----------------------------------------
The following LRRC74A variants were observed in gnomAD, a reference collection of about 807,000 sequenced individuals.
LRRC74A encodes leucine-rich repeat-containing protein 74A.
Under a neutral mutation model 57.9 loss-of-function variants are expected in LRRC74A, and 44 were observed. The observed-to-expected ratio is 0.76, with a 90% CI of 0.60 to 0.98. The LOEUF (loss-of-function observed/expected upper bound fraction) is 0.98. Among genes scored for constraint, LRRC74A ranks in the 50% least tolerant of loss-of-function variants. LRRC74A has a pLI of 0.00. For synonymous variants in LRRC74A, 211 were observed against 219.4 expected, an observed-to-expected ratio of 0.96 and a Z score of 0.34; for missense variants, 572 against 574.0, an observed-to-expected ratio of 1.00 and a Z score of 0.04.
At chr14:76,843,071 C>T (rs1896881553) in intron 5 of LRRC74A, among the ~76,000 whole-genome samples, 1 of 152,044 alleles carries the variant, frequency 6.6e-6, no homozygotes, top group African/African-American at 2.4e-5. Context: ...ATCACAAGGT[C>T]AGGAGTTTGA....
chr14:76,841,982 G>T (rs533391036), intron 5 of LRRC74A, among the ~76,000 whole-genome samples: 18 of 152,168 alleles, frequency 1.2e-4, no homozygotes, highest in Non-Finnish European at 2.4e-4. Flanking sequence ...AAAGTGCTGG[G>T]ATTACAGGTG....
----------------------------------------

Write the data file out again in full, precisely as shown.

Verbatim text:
The following LRRC74A variants were observed in gnomAD, a reference collection of about 807,000 sequenced individuals.
LRRC74A encodes leucine-rich repeat-containing protein 74A.
Under a neutral mutation model 57.9 loss-of-function variants are expected in LRRC74A, and 44 were observed. The observed-to-expected ratio is 0.76, with a 90% CI of 0.60 to 0.98. The LOEUF (loss-of-function observed/expected upper bound fraction) is 0.98. Among genes scored for constraint, LRRC74A ranks in the 50% least tolerant of loss-of-function variants. LRRC74A has a pLI of 0.00. For synonymous variants in LRRC74A, 211 were observed against 219.4 expected, an observed-to-expected ratio of 0.96 and a Z score of 0.34; for missense variants, 572 against 574.0, an observed-to-expected ratio of 1.00 and a Z score of 0.04.
At chr14:76,843,071 C>T (rs1896881553) in intron 5 of LRRC74A, among the ~76,000 whole-genome samples, 1 of 152,044 alleles carries the variant, frequency 6.6e-6, no homozygotes, top group African/African-American at 2.4e-5. Context: ...ATCACAAGGT[C>T]AGGAGTTTGA....
chr14:76,841,982 G>T (rs533391036), intron 5 of LRRC74A, among the ~76,000 whole-genome samples: 18 of 152,168 alleles, frequency 1.2e-4, no homozygotes, highest in Non-Finnish European at 2.4e-4. Flanking sequence ...AAAGTGCTGG[G>T]ATTACAGGTG....